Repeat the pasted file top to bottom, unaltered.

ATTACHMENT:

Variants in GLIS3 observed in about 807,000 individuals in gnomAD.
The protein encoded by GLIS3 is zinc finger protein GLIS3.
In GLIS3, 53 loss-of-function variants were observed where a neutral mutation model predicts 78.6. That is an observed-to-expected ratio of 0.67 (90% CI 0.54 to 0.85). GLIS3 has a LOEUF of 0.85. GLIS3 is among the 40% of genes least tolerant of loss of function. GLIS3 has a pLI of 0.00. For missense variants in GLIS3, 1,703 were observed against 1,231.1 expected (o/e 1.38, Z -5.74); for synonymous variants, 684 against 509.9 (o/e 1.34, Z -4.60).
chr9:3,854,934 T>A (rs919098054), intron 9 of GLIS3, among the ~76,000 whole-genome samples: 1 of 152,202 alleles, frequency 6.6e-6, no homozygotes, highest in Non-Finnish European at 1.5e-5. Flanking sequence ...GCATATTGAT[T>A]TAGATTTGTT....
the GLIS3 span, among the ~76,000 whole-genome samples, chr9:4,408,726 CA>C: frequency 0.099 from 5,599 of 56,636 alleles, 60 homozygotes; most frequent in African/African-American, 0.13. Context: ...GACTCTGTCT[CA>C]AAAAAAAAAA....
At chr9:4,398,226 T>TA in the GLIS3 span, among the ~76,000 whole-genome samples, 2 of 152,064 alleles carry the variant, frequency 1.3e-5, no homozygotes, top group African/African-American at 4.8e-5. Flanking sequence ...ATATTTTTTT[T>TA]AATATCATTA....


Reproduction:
Variants in GLIS3 observed in about 807,000 individuals in gnomAD.
The protein encoded by GLIS3 is zinc finger protein GLIS3.
In GLIS3, 53 loss-of-function variants were observed where a neutral mutation model predicts 78.6. That is an observed-to-expected ratio of 0.67 (90% CI 0.54 to 0.85). GLIS3 has a LOEUF of 0.85. GLIS3 is among the 40% of genes least tolerant of loss of function. GLIS3 has a pLI of 0.00. For missense variants in GLIS3, 1,703 were observed against 1,231.1 expected (o/e 1.38, Z -5.74); for synonymous variants, 684 against 509.9 (o/e 1.34, Z -4.60).
chr9:3,854,934 T>A (rs919098054), intron 9 of GLIS3, among the ~76,000 whole-genome samples: 1 of 152,202 alleles, frequency 6.6e-6, no homozygotes, highest in Non-Finnish European at 1.5e-5. Flanking sequence ...GCATATTGAT[T>A]TAGATTTGTT....
the GLIS3 span, among the ~76,000 whole-genome samples, chr9:4,408,726 CA>C: frequency 0.099 from 5,599 of 56,636 alleles, 60 homozygotes; most frequent in African/African-American, 0.13. Context: ...GACTCTGTCT[CA>C]AAAAAAAAAA....
At chr9:4,398,226 T>TA in the GLIS3 span, among the ~76,000 whole-genome samples, 2 of 152,064 alleles carry the variant, frequency 1.3e-5, no homozygotes, top group African/African-American at 4.8e-5. Flanking sequence ...ATATTTTTTT[T>TA]AATATCATTA....